Figure 1: Sketch map of geologic tectonic units of the Tianshan orogenic belt showing the distribution of Carboniferous volcanic rocks (modified after Xia et al., 2004). WJBS―West Jungar trench-arc-basin system (Paleozoic); EJBS―East Jungar arc-basin system (Paleozoic); BTB―Bole tectonomagmatic belt (late Paleozoic); NTOB―North Tianshan ophiolite belt (late Paleozoic); HTB―Harlike tectonomagmatic belt (late Paleozoic); BKTB―Boluokenu tectonomagmatic belt (early Paleozoic); MGOMB―Mishigou-Gangou ophiolitic mélange belt (early Paleozoic); SWTB―Southwestern Tianshan tectonomagmatic belt (late Paleozoic); STTB―South Tianshan tectonomagmatic belt (Silurian-late Paleozoic); KTB―Keping tectonomagmatic belt (Neoproterozoic-Paleozoic). Carboniferous-Permian rifts are labeled.

A typical cross section (Fig. 2) is as follows: In the Luotuogou area north of Baluntai, the Mississippian Maanqiao Formation volcanic-sedimentary formation consists of (from bottom to top) thick-bedded boulderstone, conglomerate (of which the gravels consist of basement rocks), gritstone, sandstone, sandstone and siltstone interbedded with shale and intercalated with limestone, basalts, and a few rhyolites. It has an angular unconformity or faulted contact with the Proterozoic granite-gneiss in the Baluntai micro-continental block of the central Tianshan (Fig. 2). The aforementioned Mississippian volcanic-sedimentary formation (in the central Tianshan) is characterized by a progradational sequence of transition from continental to marine facies and reflects a progressive rift extension.


Figure 2: Simplified stratigraphic columns of early Carboniferous rift-related volcanic rocks in the Tianshan region (after Xia et al., 2004).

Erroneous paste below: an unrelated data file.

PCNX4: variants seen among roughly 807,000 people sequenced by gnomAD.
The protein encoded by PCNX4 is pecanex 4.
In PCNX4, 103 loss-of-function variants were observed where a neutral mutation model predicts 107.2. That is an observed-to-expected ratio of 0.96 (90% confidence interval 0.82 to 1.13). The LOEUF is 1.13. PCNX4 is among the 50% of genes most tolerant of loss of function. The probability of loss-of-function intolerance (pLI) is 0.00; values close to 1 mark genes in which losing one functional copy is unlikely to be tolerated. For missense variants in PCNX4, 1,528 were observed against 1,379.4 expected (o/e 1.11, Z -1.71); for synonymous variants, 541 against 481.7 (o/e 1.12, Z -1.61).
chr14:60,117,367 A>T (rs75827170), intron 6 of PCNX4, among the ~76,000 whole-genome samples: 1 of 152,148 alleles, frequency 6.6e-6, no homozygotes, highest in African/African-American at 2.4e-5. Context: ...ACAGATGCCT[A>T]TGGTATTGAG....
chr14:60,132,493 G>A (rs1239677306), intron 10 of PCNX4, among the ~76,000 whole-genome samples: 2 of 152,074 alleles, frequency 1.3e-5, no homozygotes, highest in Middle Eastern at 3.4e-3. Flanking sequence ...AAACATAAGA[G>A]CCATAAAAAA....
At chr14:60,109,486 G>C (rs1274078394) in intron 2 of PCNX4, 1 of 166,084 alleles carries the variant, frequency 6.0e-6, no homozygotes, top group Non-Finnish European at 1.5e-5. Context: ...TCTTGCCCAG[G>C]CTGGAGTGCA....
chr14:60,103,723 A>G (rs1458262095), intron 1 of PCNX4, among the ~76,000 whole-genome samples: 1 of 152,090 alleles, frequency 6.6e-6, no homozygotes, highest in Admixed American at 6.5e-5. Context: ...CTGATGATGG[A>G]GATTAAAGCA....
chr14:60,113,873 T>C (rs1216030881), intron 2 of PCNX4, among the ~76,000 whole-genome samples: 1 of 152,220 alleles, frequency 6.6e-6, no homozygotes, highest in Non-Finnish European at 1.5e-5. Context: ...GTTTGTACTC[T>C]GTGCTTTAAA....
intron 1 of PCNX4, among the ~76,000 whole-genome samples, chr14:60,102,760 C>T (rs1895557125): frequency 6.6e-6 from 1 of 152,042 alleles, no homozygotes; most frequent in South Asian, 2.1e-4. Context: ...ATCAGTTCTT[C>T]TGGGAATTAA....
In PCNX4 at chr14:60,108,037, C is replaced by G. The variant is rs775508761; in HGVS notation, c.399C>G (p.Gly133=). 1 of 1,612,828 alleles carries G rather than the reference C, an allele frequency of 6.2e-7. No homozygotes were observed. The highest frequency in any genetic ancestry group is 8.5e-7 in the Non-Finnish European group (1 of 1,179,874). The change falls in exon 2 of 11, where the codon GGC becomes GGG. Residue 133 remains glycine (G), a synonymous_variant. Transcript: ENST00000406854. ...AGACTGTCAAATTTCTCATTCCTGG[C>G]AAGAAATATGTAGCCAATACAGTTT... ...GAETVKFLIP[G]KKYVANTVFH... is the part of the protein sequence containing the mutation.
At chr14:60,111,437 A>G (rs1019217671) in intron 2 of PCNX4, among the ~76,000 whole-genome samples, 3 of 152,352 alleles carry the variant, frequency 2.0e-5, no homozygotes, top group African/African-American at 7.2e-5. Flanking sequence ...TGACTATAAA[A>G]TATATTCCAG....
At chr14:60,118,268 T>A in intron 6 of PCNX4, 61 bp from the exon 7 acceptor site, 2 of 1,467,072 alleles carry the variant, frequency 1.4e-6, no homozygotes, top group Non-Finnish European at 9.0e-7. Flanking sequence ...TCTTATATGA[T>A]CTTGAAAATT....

The entire region of Carboniferous rift-related volcanic rocks are mainly exposed in a dumbbell-shaped province of ~210,000 km2 within the Tianshan orogenic belt (Fig. 1). This area represents a minimum estimate because the volcanic rocks extend west and east from China and also have a widespread distribution in Kazakstan, Kirgizstan and Mongolia, respectively. They cover approximately 343,000 km2 (Fig. 1). The thickness of the entire volcanic sequence varies from over 13,000 m in the eastern Tianshan, to several hundred meters in the central Tianshan, to over 7000 m in the western Tianshan. The magmatic province consists mainly of basaltic lavas and subordinate amounts of intermediate and silicic lavas, and pyroclastic rocks. The average lava thickness of the Tianshan LIP is estimated to be about 2000 m, thus the entire volume of the Tianshan basalts is ~ 0.7 × 106 km3. Although geochronology of the Tianshan Carboniferous rift-related volcanic rocks is rather limited (345-325 Ma―39Ar-40Ar age, Li et al., 1998; 327-306 Ma―39Ar-40Ar age, Zhao et al., 2003; 319-321 Ma―U-Pb (TIMS) zircon age, Li et al., 2004), the sedimentary piles within the volcanic series contain abundant fossils of Carboniferous age (e.g., Tournaisian stage, Visean stage, Serpukhovian stage, etc.; Che et al., 1994; He et al., 1994; Zhou et al., 1994). These fossils unequivocally constrain the eruption age of the volcanic rocks. The earliest eruptions began some time after the late Tournaisian (350–345 Ma) (calibration of stage boundaries after Gradstein et al. 2004). After the Carboniferous peak of activity, subsequent Permian volcanism was sporadic.